Miss. Governor Signs Bill to Allow Home Brewing | Jackson Free Press | Jackson, MS

Miss. Governor Signs Bill to Allow Home Brewing

JACKSON, Miss. (AP) — Beer enthusiasts in Mississippi will soon be able to legally brew their own beer, thanks to a bill Gov. Phil Bryant has signed into law.

Senate Bill 2183, which takes effect July 1, will allow people over 21 to make their own beer, as long as they don't sell it and they live in an area where possession of beer is legal.

While the attorney general said that in the past home brewing was legal with a permit from the Department of Revenue, only expensive permits for commercial breweries were available. Now home brewers will be able to make beer freely.

The new law allows brewers to make quite a lot of beer each year_100 gallons for households with one person who is over 21-years-old and 200 gallons if there are two or more people over 21-years-old.

The Mississippi group Raise Your Pints has spent the past few years working on legislation to remove restrictions on beer. The signing of the home brewing bill Monday is a major victory for the group, said Craig Hendry.

Hendry, the group's president, said work to pass such a bill had been underway for five years.

"You have to get the lawmakers passionate about it too so they want to see it passed," Hendry said Tuesday.

Ultimately, Hendry said the group was able to show legislators the potential financial gains that could come from the bill. He said that most professional brewers start out as home brewers, tinkering with recipes and gaining enthusiasm until they decide to make a go of it commercially. He also said craft beer related tourism will continue to grow in the state. The new law will allow home brewers to transport their beer for competitions or exhibitions of home brewed beer.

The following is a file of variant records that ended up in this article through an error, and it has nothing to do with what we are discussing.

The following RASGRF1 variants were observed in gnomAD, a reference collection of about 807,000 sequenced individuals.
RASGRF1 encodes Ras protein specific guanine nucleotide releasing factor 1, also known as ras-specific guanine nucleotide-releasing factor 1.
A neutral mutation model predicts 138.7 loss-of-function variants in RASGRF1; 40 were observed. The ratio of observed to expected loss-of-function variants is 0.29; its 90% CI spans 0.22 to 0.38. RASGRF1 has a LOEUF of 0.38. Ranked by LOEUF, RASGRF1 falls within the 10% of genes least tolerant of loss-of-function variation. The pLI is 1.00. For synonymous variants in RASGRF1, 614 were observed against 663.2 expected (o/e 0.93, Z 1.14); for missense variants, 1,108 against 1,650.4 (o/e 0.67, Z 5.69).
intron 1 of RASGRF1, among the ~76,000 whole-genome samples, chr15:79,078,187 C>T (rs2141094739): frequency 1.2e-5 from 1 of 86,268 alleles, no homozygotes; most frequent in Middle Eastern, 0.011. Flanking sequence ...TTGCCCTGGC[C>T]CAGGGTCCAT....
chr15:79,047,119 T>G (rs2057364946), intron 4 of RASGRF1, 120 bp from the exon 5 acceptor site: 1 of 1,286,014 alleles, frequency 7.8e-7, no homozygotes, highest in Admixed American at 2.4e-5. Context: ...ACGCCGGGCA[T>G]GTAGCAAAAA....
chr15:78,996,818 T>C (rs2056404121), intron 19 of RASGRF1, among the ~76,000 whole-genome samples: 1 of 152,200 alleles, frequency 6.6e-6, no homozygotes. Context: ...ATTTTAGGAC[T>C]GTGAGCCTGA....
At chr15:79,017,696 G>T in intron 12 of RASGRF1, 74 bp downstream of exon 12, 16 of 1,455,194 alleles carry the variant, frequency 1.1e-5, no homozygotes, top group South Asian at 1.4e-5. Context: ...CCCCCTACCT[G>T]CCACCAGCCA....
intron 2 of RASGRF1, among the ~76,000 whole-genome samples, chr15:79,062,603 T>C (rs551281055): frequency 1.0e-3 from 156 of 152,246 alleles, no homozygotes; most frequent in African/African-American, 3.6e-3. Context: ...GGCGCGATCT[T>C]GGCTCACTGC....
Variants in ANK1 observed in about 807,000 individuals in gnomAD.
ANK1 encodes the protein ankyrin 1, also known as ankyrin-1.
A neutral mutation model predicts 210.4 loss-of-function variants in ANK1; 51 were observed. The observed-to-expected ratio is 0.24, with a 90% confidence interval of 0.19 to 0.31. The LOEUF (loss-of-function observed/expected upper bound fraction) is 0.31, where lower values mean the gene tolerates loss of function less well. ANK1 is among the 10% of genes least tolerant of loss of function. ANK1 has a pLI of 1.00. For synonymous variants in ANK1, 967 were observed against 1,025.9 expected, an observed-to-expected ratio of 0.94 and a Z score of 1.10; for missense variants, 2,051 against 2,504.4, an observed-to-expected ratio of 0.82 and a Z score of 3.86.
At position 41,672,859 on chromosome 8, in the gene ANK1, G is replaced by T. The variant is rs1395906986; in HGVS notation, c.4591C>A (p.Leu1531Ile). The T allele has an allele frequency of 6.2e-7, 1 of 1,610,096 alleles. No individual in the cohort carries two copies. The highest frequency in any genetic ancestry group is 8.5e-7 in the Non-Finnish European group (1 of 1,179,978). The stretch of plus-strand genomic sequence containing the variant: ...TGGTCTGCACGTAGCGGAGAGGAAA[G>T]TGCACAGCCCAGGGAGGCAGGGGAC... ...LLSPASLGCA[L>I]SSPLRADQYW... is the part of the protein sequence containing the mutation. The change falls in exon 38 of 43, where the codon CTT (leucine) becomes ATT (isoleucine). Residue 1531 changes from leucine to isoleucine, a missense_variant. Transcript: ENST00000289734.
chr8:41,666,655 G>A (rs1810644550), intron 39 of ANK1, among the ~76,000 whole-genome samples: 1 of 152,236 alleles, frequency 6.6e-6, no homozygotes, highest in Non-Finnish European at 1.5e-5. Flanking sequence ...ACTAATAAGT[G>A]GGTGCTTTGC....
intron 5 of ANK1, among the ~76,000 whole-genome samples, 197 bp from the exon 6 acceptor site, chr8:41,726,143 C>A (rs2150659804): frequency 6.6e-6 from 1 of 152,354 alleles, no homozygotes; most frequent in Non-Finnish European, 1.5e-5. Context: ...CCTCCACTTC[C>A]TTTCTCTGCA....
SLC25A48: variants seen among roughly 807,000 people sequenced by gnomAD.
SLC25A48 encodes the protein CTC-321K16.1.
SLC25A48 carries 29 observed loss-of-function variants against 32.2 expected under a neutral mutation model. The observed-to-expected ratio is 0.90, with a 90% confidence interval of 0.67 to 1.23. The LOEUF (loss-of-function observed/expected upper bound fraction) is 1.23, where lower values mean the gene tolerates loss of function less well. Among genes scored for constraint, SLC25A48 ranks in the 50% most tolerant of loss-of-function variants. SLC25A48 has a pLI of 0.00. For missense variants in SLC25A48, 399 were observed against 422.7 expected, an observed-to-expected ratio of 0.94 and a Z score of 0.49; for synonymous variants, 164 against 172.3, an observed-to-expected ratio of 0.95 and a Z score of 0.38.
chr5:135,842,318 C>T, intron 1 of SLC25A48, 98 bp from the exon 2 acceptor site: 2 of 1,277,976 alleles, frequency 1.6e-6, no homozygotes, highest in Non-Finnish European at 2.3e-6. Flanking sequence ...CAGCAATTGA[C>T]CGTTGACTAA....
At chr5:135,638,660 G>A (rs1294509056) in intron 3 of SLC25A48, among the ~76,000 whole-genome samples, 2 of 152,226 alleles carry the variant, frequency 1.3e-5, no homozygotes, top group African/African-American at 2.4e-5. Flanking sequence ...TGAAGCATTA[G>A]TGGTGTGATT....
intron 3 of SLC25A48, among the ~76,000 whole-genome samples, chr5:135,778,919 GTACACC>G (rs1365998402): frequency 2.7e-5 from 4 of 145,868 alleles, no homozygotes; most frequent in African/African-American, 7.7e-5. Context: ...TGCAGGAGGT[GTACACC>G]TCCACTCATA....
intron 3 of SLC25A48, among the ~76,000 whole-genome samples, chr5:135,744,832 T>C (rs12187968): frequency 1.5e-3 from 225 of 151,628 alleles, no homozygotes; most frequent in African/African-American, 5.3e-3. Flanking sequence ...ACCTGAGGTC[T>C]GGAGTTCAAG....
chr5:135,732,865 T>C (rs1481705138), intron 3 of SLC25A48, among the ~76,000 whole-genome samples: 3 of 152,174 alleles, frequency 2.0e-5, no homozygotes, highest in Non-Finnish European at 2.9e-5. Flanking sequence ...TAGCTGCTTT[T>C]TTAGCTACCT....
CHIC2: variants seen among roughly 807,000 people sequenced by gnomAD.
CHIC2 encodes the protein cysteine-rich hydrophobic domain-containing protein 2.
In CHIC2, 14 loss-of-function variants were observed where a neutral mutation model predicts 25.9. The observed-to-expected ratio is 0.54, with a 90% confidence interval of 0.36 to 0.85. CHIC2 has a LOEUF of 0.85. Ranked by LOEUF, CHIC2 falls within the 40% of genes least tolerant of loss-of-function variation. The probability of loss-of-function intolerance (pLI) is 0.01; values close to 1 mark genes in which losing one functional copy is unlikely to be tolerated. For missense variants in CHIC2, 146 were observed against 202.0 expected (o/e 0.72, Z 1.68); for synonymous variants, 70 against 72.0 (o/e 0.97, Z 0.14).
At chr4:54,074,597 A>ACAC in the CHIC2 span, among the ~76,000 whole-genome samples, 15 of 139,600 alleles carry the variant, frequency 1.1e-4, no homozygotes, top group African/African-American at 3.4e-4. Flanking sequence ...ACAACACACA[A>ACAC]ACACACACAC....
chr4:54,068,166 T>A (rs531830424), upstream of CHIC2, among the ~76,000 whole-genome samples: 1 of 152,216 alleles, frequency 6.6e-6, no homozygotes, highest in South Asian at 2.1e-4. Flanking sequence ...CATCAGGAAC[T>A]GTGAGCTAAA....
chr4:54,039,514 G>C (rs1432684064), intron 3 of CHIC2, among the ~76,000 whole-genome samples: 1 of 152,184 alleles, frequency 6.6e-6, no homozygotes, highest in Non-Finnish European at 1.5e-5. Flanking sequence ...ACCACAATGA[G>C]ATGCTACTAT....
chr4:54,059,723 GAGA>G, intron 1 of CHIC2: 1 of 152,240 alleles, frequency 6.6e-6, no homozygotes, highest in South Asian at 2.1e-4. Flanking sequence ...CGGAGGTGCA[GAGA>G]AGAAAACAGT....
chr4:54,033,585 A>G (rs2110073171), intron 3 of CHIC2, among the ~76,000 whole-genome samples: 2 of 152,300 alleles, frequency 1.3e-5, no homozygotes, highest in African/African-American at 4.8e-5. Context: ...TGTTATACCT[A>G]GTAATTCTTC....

Mississippi will become the 49th state to the American Homebrewers Association, which estimates that 1 million Americans brew their own beer or make wine at home every year.

Raise Your Pints has also supported laws that have raised the amount of alcohol by volume allowed in beer sold in Mississippi, and given breweries the ability to distribute samples. Hendry said the group will continue to work on reducing restrictions on craft beer in the state. Their very next move, however, is to celebrate with a few beers on Tuesday night.

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